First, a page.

Cary also composed what he considered his best (and most complex) piece of tape music, the 14-minute ‘Continuum’. In his memoir, he describes the frustration of trying to create a decent mix of the piece from 10 different tracks all playing at the same time. It builds to the point where he was kicking doors in anger before chucking it all in and going down the pub.

The laborious nature of tape music was one of the drivers for Zinovieff’s interest in computers. He found the process of tape editing irritating beyond endurance, and wanted to harness computer technology and voltage control to do the job for him.

In 1969, Cary undertook a major choral work. The Director of Music at the University Of East Anglia contacted him to say if he was to come up with a piece that involved instrumental and electronic music it would be “considered for performance”.

He immediately began work on a post-nuclear holocaust concept set 100,000 years in the future. In his vision, the Earth is bereft of life, the only evidence of habitation being the remains of concrete buildings and roads. A group of scientists from an alien planet discover Earth, and are able to look back at its history through some clever piece of technology, but are unable to work out why humanity wiped itself out.

Once complete, he called the piece ‘Peccata Mundi’ (from the liturgy ‘Agnus Dei’, a sung or spoken invocation to the Lamb Of God; “Lamb of God, that takes away the sins of the world, have mercy upon us”).

Life was hectic as the 1960s came to a close. The composing was a top priority for Cary, but EMS was growing apace. They were already developing a second synthesiser in the Synthi A, and that would soon be followed by the Synthi AKS, which added a touch capacitive keyboard and a digital sequencer and bundled the lot into a briefcase like some kind of James Bond synth.

Cary and Zinovieff headed to New York with the AKS to explore the possibility of rustling up more orders.

“We had a little difficulty at Kennedy, where a suspicious customs man thought the AKS might be a weapon of some kind,” remembers Cary, “He wouldn’t believe us at first when we said it was a musical instrument, and we could only convince him by actually plugging it in and playing him a tune.”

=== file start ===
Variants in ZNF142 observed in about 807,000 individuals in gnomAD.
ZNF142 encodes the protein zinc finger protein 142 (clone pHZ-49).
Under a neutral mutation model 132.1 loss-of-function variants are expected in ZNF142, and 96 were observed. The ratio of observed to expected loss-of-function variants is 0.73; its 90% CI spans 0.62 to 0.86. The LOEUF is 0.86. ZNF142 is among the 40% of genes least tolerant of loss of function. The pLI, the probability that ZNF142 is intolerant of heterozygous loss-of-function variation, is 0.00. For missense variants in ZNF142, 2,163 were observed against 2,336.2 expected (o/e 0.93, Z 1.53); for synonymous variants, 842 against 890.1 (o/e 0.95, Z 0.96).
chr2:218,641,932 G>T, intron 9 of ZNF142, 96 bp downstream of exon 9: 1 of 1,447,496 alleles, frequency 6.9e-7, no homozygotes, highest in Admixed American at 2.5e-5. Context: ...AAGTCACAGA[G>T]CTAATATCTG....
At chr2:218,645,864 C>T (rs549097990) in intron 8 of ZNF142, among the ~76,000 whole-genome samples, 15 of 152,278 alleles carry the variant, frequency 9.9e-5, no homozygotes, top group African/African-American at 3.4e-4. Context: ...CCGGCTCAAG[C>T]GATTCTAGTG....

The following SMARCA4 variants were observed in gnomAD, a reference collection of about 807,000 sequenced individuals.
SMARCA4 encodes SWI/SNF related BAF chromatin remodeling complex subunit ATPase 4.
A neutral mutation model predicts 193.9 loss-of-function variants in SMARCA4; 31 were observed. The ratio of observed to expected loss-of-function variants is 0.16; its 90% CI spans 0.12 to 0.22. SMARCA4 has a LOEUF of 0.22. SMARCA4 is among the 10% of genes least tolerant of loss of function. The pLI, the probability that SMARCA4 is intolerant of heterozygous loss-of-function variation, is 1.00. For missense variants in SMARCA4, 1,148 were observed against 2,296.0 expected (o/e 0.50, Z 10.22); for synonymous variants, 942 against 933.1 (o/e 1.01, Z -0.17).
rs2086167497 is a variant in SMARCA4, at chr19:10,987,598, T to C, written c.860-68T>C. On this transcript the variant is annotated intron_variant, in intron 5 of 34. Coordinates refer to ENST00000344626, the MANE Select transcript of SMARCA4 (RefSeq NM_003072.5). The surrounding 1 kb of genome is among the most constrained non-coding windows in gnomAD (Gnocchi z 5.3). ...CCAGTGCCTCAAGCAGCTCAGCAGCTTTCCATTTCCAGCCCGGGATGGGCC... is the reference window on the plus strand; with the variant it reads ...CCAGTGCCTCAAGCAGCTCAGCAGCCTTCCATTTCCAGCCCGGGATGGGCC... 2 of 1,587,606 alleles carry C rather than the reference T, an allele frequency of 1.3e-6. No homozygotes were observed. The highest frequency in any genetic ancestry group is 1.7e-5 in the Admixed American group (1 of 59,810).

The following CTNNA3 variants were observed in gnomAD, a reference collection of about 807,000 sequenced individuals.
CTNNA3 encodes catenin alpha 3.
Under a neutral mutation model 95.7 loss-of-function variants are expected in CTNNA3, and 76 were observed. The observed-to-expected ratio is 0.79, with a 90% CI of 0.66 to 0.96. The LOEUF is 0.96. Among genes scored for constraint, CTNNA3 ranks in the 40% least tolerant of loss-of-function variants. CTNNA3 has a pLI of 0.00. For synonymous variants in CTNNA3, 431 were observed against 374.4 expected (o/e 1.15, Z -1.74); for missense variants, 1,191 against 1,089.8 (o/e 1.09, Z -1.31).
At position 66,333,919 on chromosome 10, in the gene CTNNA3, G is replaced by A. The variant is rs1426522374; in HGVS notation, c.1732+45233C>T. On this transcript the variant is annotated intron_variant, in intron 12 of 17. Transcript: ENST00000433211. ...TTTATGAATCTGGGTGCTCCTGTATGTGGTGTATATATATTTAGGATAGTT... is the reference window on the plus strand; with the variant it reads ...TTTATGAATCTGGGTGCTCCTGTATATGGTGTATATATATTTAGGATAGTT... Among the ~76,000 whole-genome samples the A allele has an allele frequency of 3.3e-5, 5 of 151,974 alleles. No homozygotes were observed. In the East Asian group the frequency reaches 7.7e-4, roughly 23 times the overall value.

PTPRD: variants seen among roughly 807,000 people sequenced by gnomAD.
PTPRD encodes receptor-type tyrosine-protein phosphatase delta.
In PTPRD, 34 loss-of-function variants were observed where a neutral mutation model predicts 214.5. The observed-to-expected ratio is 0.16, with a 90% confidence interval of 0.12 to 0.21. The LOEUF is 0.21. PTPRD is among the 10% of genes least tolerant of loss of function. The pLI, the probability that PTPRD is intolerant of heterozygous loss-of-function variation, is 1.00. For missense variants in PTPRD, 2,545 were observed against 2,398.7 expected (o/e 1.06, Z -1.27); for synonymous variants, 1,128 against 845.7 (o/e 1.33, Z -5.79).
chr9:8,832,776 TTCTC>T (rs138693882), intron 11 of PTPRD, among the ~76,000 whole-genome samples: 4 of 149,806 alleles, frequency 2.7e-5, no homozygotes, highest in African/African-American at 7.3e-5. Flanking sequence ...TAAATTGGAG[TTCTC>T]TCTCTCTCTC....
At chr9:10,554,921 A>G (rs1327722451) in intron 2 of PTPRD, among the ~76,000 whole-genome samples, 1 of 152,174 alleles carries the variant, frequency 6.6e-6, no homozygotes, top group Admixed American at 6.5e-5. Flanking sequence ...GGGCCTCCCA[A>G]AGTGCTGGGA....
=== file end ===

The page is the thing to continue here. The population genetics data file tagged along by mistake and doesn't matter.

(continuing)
The demos for interested parties were a bit of a disaster, the humidity alone was enough for the synth to start playing itself and then malfunctioning. They tried keeping it in an airing cupboard at New York’s Cornell University between demonstrations, but the AKS proved a temperamental beast.

Once back in the UK, the keyboard was redesigned and the glitches ironed out, and when it was finally launched, the Synthi AKS was yet another success for EMS.

In 1970, Cary was invited onto the board of the Performing Rights Society as an expert on electronic music, and to particularly focus on the problems of copyright around tape music. But it’s clear from his writing about this time that he was dissatisfied with his standing as a composer. He felt his catalogue was “very thin and poor for a composer of my age”, and there was no doubt that his extracurricular activities at EMS were costing him time that he might otherwise have spent on composing.

In 1973, he was lured away from the UK and EMS by an offer of a teaching post at the University Of Melbourne as visiting senior lecturer. He then became visiting composer at the University Of Adelaide 1974. The opportunity came about as a result of him visiting Australia to demonstrate EMS equipment to universities. He died in Australia in 2008, where he was revered for his contribution to Australian culture.

Tristram Cary has been described as the father of electronic music, and while that’s an epithet he shares with several others, he has been somewhat overlooked in the UK and deserves to be more widely recognised in the country of his birth for the two decades of pioneering work he put into the development of electronic music.